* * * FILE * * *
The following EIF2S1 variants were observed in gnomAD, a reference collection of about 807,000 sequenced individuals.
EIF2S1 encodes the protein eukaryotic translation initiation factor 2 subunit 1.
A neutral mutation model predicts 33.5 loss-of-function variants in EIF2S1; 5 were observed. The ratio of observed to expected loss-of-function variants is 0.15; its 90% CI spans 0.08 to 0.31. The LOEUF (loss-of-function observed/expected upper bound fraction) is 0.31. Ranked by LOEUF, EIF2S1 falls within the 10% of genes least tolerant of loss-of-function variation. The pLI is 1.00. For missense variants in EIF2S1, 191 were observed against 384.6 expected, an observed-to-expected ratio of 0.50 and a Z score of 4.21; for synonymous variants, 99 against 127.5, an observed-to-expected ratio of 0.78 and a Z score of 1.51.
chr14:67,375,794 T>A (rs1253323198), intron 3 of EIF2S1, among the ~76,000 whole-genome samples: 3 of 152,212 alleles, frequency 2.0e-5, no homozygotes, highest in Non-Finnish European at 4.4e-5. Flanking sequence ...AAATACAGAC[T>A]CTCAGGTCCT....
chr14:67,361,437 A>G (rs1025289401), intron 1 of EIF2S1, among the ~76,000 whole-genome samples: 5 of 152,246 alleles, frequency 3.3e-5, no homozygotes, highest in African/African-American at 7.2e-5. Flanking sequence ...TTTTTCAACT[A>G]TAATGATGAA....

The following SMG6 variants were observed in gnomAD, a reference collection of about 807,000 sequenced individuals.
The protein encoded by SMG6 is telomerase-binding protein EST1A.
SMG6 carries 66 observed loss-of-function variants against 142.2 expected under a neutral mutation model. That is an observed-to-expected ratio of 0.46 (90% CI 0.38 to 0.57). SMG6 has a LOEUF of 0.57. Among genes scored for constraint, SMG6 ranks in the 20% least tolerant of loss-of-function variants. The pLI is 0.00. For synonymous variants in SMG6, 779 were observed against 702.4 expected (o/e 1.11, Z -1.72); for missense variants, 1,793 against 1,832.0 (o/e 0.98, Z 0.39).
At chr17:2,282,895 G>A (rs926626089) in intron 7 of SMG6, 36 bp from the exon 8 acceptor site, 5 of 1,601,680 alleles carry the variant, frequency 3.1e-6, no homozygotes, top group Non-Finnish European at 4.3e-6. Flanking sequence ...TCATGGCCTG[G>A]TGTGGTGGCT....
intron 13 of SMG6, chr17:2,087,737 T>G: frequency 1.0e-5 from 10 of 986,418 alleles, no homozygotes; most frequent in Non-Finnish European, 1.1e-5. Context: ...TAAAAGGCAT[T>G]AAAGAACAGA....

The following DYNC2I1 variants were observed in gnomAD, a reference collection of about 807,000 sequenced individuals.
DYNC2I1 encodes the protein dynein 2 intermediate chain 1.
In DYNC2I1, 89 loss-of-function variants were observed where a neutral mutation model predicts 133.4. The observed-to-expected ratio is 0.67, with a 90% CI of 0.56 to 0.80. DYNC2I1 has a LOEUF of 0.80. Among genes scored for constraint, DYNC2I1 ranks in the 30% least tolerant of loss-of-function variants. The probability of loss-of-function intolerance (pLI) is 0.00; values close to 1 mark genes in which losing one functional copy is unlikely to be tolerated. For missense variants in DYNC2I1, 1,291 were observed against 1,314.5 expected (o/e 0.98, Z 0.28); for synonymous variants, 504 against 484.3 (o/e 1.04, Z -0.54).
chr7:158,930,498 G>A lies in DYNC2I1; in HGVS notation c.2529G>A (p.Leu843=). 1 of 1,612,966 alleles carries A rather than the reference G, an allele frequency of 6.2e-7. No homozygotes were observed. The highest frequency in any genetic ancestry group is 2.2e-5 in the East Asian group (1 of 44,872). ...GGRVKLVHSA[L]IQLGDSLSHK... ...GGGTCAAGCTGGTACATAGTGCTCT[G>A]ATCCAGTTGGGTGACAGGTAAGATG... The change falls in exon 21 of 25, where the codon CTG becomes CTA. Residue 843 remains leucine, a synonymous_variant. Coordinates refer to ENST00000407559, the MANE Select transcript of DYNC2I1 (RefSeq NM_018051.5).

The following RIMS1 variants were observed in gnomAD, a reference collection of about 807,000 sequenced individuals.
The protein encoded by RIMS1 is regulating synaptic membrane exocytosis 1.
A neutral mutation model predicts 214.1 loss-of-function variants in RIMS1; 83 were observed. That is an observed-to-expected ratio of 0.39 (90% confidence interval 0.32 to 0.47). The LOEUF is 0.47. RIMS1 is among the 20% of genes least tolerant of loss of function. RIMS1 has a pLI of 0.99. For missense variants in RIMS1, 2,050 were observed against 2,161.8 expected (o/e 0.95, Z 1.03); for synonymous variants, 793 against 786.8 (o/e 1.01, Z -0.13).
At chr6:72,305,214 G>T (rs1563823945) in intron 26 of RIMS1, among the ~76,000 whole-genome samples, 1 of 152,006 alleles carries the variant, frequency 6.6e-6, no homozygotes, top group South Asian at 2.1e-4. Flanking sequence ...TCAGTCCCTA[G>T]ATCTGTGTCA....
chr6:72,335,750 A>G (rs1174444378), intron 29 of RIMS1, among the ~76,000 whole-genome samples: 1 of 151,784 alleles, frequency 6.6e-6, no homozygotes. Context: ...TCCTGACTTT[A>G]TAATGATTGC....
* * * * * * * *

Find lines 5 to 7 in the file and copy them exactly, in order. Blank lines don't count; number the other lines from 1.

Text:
chr14:67,361,437 A>G (rs1025289401), intron 1 of EIF2S1, among the ~76,000 whole-genome samples: 5 of 152,246 alleles, frequency 3.3e-5, no homozygotes, highest in African/African-American at 7.2e-5. Flanking sequence ...TTTTTCAACT[A>G]TAATGATGAA....

The following SMG6 variants were observed in gnomAD, a reference collection of about 807,000 sequenced individuals.
The protein encoded by SMG6 is telomerase-binding protein EST1A.